The God Squad, you see, is still insiduously there. Because it still seems terribly bad form to think that a religion involving the “wrong” deity could be a reasonable religion.
In the Guardian today is a short interview of a woman called Remi Nicole, a new ‘singer-songwriter’. I’m sad to say I know nothing about her music, but damn, do I love her attitude! A couple of choice quotes….
- on her new single, Rock’n’roll: “it was written out of frustration at people… saying that because I’m black I’ve got to listen to black music. What they don’t realise is that everything stems from rock’n’roll.”
- on race: “I’d like to see a mixed race crowd at my gigs, but I don’t care who listens to my music. I’m not making music for races, I’m making music for myself and for anyone who can and wants to relate to it.”
- on gender: “There are 100,000 boy bands out there and no one has a problem with it but you get pure grief if you’re a girl.”
And, my personal favourite…..
- on being compared to Lily Allen: “The only similarity is that we both have ovaries and breasts.”
I loved that quote, which made me laugh out loud on a crowded train and, not surprisingly, earned me some baffled looks from fellow commuters.
But any woman who is confident, and sarcastic, and funny enough to say something like that to a national newspaper (especially when that woman comes from a “minority” ethnic group, often underrepresented or misrepresented in the media) gets my respect.
As I understand it, she is part of the Indie music scene – which, while not quite to my taste (dedicated Metal girl that I am!), I can tolerate better than most other genres – and for that reason she is something of an anomaly in the celebrity world.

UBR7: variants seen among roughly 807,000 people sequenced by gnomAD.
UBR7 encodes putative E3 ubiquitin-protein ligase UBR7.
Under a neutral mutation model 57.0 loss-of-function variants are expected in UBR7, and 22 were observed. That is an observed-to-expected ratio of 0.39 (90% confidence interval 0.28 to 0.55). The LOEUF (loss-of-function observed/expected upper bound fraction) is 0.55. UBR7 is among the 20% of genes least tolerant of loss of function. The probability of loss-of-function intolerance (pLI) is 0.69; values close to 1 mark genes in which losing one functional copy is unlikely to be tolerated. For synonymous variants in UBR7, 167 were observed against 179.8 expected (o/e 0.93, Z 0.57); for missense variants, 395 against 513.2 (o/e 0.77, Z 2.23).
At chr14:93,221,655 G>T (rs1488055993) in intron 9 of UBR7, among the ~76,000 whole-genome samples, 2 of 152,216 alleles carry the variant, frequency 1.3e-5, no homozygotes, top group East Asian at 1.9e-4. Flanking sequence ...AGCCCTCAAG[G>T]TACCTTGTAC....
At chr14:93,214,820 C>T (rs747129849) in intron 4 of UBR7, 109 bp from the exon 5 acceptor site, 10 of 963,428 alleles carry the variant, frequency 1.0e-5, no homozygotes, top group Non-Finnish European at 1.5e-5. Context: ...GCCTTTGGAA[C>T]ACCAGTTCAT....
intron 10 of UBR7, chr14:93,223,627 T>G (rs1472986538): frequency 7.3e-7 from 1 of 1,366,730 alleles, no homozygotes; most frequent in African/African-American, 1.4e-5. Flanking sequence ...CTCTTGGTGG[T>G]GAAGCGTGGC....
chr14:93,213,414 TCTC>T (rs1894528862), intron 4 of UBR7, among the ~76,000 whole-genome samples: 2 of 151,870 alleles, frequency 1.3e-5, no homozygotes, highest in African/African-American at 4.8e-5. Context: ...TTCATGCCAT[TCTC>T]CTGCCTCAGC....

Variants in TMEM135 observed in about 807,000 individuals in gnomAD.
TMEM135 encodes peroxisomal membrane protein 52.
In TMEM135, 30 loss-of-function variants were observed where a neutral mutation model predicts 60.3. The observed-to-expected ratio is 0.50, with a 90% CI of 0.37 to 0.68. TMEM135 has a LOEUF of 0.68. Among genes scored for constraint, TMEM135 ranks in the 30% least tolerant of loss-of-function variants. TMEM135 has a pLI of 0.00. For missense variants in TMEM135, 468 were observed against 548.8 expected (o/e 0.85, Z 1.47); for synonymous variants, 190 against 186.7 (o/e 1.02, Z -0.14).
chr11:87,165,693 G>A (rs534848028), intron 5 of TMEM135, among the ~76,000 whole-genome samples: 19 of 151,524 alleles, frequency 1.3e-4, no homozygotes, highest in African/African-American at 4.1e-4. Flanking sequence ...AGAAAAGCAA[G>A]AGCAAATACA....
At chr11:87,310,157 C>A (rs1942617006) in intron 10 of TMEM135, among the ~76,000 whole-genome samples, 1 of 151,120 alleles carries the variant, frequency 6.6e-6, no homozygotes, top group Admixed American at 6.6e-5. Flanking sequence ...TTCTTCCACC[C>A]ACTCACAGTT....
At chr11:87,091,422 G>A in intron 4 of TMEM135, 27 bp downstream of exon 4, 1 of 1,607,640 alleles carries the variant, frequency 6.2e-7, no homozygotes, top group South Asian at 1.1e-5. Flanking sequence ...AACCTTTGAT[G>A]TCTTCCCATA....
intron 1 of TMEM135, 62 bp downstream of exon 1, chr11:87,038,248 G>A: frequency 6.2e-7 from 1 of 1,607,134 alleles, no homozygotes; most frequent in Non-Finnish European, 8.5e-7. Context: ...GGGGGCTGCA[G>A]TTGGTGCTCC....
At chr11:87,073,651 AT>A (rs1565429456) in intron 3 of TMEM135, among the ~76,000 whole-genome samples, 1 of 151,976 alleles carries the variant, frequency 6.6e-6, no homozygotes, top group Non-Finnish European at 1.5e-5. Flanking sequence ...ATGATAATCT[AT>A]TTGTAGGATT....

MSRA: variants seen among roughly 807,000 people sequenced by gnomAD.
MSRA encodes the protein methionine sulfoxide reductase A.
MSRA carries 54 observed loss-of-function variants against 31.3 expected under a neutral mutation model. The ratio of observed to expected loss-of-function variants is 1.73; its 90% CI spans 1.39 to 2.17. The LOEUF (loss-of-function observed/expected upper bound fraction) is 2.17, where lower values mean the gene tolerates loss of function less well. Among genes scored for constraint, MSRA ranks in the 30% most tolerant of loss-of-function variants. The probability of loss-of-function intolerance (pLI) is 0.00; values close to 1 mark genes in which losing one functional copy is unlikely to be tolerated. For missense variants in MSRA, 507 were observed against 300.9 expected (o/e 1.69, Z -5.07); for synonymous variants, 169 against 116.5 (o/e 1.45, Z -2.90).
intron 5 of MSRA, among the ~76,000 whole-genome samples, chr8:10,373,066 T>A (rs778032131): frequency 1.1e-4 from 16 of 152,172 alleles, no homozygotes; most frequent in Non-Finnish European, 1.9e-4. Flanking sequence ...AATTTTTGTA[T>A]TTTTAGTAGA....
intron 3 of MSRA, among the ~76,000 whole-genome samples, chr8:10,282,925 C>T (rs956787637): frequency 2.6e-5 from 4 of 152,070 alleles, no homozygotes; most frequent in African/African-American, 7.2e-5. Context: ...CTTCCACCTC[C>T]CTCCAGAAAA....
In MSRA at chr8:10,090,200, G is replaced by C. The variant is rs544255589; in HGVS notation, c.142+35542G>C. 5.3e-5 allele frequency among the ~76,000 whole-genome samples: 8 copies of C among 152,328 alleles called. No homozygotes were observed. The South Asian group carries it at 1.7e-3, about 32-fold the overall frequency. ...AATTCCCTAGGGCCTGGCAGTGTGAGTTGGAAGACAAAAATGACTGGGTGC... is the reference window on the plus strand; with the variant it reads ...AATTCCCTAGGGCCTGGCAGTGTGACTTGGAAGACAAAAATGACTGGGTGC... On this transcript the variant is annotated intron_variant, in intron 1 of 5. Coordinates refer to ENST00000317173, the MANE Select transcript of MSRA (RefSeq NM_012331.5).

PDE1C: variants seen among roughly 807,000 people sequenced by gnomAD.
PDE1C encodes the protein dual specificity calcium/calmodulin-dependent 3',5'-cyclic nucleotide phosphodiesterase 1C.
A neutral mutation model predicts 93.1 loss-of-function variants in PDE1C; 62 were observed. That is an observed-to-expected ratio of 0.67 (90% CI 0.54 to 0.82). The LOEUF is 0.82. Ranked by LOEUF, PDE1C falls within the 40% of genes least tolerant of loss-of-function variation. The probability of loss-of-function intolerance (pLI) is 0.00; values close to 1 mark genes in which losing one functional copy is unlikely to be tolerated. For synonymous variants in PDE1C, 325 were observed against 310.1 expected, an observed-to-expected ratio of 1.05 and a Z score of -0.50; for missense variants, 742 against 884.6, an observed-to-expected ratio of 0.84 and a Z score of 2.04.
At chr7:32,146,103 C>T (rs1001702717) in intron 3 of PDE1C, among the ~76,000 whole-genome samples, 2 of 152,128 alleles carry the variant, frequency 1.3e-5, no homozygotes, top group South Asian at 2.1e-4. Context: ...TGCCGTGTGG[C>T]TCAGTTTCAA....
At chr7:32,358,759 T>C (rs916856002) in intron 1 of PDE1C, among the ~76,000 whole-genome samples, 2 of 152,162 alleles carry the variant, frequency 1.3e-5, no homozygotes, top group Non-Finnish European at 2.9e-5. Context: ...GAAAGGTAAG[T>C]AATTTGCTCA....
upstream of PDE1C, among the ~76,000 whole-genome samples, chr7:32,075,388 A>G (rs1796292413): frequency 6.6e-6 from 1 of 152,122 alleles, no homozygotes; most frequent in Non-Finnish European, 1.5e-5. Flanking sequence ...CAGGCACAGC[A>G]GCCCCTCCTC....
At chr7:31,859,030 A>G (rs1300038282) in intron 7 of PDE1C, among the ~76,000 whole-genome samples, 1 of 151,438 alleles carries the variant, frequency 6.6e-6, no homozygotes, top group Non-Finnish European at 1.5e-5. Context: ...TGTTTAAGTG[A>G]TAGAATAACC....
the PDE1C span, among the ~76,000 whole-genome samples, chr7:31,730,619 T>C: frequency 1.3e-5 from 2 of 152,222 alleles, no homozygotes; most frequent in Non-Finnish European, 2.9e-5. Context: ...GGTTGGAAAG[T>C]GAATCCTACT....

The photograph says it all. She’s perched on a pavement, looking straight at the camera, not smiling, just being – and she’s fully clothed. She’s wearing the skinny jeans that mark her out as Indie, rather than the lack of clothes that every other genre seems to aspire to, she’s not wearing that come-fuck-me smile that would mark her as ‘just another sexy woman in the media’.
After so many women like Beyonce, blithely singing songs about “independent women” whilst strutting about in their underwear, or tiny frilly skirts, Remi Nicole sounds like a welcome change.
Now, let’s see what her music’s like…….!
The other day, I was sitting with my brother (who is 6), helping him with a jigsaw puzzle.
It was a cartoon scene of about five little boys in various positions of playing football, all copied and pasted so that there must have been a good forty children in the picture altogether.
He was grumbling because the fact that there were only five different faces meant that the puzzle was a lot harder. So, not really thinking about it, just making conversation, I asked him what he’d change, to make them different.
“Well…. I could make some of their tops different colours….”
“Or their shoes….”